Planetary Society Advent Calendar for December 28: Ariel
Here's yet another of the moons of Uranus for you: Ariel, a near-twin in diameter to Umbriel, but apparently with more interesting geology. It has these cool flat-floored troughs. On Earth, I'd think flat-floored troughs were "graben," the flat valleys you get between steep mountains in places where the crust is expanding, like in the western U.S. or in the east African rift valley. Are the ones on Ariel graben? It'd be hard to say without better pictures, and who knows when we're going to get better pictures of Ariel.
Like all of the Uranian moons, only the southern hemispheres have been mapped in any detail, because it was nearly the southern summer solstice when Voyager 2 passed through the system in 1986. The southern hemispheres of Uranus and all its moons were bathed in continuous sunlight, the northern hemispheres continuously dark. So the northern hemispheres of all these moons are "terra incognita" -- or so it has been thought, until a couple of years ago. That's when image processing magician Ted Stryk took another look at the Voyager Uranus data and discovered that there were details visible on some of that northern hemisphere territory, extremely faintly lit by light reflected from Uranus.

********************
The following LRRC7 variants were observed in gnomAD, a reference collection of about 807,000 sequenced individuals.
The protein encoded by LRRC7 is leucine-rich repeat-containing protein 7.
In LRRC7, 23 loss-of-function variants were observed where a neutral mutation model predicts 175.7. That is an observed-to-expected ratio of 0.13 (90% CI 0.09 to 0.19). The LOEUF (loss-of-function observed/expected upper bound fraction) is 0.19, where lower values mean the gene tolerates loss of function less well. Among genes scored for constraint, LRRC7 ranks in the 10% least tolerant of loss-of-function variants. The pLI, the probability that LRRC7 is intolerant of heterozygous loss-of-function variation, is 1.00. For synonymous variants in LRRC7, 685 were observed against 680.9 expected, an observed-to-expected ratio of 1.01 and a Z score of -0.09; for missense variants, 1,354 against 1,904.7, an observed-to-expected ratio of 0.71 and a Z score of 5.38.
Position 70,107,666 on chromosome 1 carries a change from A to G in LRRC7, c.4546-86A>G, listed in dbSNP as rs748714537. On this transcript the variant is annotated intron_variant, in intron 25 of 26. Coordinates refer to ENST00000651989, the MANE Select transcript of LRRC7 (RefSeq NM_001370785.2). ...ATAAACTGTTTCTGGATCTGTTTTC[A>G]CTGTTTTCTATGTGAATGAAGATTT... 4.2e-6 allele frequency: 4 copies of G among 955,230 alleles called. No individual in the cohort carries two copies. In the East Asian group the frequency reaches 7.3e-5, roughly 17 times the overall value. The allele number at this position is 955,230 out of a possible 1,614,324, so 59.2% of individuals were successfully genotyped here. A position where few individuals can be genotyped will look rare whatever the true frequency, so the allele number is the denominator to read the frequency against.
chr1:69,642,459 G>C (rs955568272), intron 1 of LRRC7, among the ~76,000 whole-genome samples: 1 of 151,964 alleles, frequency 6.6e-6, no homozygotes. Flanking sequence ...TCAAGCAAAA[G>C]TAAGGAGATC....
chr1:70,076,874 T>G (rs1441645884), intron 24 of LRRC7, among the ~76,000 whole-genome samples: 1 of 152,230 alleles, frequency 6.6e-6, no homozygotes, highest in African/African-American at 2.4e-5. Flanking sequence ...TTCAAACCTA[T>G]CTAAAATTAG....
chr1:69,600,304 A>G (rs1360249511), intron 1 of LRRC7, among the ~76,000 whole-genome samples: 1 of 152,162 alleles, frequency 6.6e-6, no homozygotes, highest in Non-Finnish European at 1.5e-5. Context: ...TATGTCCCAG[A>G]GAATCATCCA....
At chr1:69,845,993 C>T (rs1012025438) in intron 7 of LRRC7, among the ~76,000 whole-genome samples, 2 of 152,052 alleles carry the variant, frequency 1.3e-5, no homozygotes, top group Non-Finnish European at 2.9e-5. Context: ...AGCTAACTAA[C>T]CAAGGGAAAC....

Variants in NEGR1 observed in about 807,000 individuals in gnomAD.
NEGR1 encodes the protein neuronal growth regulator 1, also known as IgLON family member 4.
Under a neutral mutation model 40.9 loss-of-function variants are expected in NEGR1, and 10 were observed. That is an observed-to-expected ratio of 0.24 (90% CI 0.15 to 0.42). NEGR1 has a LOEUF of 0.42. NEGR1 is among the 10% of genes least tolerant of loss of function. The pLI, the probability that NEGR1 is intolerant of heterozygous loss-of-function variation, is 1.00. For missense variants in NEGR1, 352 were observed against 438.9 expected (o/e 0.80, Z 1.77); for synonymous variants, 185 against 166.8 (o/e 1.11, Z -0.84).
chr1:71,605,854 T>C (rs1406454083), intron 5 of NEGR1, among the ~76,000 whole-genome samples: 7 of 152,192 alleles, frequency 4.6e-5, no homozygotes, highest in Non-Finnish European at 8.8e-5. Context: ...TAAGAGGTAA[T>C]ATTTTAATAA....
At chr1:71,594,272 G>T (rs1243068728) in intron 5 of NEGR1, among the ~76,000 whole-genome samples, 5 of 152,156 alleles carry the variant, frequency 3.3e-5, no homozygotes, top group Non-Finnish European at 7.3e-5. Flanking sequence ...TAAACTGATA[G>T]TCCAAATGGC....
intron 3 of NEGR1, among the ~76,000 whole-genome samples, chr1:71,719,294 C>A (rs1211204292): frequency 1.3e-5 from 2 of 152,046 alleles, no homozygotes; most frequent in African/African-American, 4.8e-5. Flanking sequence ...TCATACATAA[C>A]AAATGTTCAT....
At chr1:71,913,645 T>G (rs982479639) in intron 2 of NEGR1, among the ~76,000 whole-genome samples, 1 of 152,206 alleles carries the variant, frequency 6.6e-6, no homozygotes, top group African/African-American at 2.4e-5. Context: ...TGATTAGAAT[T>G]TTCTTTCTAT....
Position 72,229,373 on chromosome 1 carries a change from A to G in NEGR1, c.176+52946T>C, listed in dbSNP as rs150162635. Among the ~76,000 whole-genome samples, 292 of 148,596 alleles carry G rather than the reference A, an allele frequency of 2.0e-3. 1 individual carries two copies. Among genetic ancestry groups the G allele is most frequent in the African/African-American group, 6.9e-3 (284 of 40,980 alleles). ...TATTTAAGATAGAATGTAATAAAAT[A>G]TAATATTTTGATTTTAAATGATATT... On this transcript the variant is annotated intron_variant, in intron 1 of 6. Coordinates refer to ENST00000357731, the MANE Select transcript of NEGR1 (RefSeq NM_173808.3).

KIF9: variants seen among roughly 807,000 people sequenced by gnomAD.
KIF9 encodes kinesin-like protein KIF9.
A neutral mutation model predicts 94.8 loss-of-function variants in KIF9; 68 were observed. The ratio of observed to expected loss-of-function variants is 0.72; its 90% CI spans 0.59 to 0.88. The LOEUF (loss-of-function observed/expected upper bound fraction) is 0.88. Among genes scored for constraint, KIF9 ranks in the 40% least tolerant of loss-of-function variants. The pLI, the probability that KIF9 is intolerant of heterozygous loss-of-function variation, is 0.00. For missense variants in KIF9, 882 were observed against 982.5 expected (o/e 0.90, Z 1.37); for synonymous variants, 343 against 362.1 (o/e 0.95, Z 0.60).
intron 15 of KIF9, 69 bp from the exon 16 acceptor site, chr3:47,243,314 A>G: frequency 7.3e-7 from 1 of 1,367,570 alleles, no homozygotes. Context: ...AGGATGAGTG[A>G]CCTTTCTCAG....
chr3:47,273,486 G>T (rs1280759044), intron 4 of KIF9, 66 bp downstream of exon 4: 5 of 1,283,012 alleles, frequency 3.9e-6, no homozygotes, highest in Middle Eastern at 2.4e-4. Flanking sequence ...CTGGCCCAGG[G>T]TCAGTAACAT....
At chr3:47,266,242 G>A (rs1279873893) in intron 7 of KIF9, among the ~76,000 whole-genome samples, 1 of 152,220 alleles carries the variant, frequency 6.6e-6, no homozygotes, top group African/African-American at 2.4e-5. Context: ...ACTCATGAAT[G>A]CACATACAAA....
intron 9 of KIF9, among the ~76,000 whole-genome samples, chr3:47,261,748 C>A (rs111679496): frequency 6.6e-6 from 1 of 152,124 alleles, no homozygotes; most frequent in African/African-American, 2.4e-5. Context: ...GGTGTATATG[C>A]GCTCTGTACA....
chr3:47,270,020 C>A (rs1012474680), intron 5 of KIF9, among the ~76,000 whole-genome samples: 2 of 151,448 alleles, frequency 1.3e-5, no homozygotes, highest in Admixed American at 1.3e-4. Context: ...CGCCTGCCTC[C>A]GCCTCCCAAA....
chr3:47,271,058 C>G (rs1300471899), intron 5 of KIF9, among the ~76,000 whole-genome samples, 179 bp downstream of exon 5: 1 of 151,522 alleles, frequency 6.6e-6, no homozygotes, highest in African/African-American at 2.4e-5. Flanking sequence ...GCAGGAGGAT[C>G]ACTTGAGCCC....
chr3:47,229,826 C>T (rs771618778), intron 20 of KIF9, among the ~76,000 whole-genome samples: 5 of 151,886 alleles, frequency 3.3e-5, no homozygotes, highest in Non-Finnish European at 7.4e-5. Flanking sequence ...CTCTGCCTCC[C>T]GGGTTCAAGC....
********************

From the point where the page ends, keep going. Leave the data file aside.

NASA / JPL / Ted Stryk
Voyager 2 color view of Ariel
Voyager 2 captured this view of Ariel on January 24, 1986. It has been specially processed by Ted Stryk to reveal details on Ariel's night side, faintly lit by reflected light from Uranus.
Cassini does this sort of planetshine imaging at Saturn all the time, but it has a significantly more sensitive detector than Voyager 2 had, and Saturn (being both larger and closer to the Sun than Uranus) casts much more light onto the night sides of its moons than Uranus does (not to mention the fact that Saturn also has those great huge rings throwing light around the Saturn system). Still, in hindsight, it's kind of surprising that nobody thought to look for this detail in the night sides of the Uranian moons before. Ted was the one who did it, and it was Ariel that benefited the most; Ted has wrung almost a complete global view of the moon out of the Voyager data. He wrote about this work in a guest blog post here last year: "pulling out new detail in old data provides our only opportunity to get a peek at what lurks in the in the unmapped regions of its fascinating moons." That's why he, and I, and lots of other people, get so much enjoyment out of digging into these old image catalogs.